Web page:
Want to Change Your Orange Peel Walls?

3 Materials
$100
4 Days
Advanced
The Wall Texture that seems to be on trend for new construction is called "Orange Peel". If you've ever wanted to change that, chances are you are only left with one alternative - Sand it down! Then patch and repaint or else put up with "A Bad Case of the Bumpies" showing through. Today there are SO many LOVELY wallpapers that have a texture all their own, that decorators are using them for accent walls. You needn't do an entire room with them, just one wall is enough, but who wants to spend all that time, money and effort just to have your lovely job look poorly done...
Because I didn't have quite enough of the first batch of liner that I bought, I pieced it together to get the wall covered in the usual fashion (vertically). But, upon doing and internet search, I found more of a difference in consistency (notice the difference between the two kinds of liners) with another company's liner. This one was purchased through Wayfair for double the sales price. The pro hanger also recommended hanging the second layer of liner in a "railroad track- horizontal" pattern (similar to a border over the entire wall). This step must also be hung with the use of the wallpaper border adhesive. The reason you want to hang this layer in the juxtaposed position to first layer is to build a stronger bond for the real wall paper to cling to. You wouldn't want all of your three layers of seams to line up perfectly on your wall. You are trying to build a net for the wallpaper to rest on and cling to without adhering to the bumpiness of the "orange peel" textured wall. I know it sounds like a lot of work to do it three times (including the final layer of wallpaper), BUT! it surely does beat covering everything in your house so it doesn't get the sanded grit on it and then having to sand said wall for days to get it perfect enough for the wallpaper. And, THEN, cleaning up and finding the sanded particles EVERYWHERE!!!!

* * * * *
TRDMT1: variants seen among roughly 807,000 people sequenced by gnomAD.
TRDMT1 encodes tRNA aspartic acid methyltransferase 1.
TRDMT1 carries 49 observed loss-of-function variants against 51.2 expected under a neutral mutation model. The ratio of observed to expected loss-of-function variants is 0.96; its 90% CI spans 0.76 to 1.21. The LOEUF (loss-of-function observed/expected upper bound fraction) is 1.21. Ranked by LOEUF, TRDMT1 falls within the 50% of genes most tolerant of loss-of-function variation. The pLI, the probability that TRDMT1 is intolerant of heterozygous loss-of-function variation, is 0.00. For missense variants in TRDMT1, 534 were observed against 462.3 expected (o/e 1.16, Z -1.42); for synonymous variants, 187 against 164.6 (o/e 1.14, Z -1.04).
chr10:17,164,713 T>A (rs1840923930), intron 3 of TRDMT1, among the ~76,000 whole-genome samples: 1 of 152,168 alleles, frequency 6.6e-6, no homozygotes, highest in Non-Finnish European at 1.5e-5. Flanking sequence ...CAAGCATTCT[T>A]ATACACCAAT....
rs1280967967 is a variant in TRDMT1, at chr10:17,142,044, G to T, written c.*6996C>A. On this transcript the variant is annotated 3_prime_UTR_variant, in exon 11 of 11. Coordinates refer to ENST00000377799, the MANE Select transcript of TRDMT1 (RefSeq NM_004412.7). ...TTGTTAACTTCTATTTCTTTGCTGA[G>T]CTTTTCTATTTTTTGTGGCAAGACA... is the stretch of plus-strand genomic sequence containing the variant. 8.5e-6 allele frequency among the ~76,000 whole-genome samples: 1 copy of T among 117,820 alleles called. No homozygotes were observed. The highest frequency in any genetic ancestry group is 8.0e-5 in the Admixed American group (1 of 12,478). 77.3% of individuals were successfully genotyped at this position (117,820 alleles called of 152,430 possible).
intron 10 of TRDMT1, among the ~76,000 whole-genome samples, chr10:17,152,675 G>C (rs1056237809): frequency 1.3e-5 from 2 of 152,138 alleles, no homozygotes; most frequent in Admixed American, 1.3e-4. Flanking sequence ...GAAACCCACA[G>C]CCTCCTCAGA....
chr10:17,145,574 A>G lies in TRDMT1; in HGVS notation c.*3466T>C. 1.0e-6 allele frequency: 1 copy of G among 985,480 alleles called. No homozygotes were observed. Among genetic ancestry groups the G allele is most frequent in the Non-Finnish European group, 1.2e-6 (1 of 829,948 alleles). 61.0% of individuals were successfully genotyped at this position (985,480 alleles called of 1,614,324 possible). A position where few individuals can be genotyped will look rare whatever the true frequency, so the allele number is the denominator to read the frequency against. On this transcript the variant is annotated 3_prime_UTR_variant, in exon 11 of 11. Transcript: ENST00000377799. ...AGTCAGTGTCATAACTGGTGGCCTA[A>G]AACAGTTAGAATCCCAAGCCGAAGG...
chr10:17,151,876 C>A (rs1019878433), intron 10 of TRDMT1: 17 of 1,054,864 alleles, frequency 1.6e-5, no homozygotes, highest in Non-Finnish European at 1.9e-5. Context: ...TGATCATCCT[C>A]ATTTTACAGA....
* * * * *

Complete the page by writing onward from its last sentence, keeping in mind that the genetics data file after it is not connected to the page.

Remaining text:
One last thing. ***It is very important to let each layer of paper dry thoroughly before advancing onto the next step. Let each layer take a couple of days between layers to cure and settle in to your wall. You would hate to do all this work and have it then fall off the very wall you were trying to beautify....
This has been part of a very big project. I'll be sharing that in some upcoming posts.
Enter the Wallpaper liner. Since Wallpaper has almost all but gone the way of the dodo bird, the Wallpaper liner is going to be hard to find. But it is possible. I snatched up the last few rolls that were at our local DIY store. They were on clearance! SCORE! and I grabbed every last one that I could get my hands on.
Details of what was on the package of wallpaper liner.
This is the texture of the first wallpaper liner that I got from the DIY store. Notice the grainy texture. You can tell that this paper is substantial!
This is a picture of the Wallpaper liner that I got from Wayfair. This liner is also substantial, with a smoother finish, but a more paper-pulpy feel to it.
This is a picture of the gallon of Wallpaper Border Adhesive that I used to hang the wallpaper liner and actually the wallpaper itself. For a job like this I recommend having more glue on hand than you think you'll need. The papers just suck it right up....
I also grabbed a gallon of Wallpaper Border Adhesive because the liner did NOT come prepasted. This glue was strong enough to hold the heaviness of the liner to the wall. One hint that I did get from a professional paper hanger was to not put the liner completely up to the top and to the bottom of the wall, so that the real wallpaper, when you got that far, would have some real part of the wall to grab hold of. ***AND I did sand off about 4" off the top and bottom of the wall where the real wallpaper would have connected and held onto the wall.
Suggested materials:
  • Wallpaper Liner   (Local DIY and Wayfair or Internet)
  • Wallpaper Border Adhesive   (Local DIY)
  • Wallpaper Tools, Time and Patience   (On Hand)
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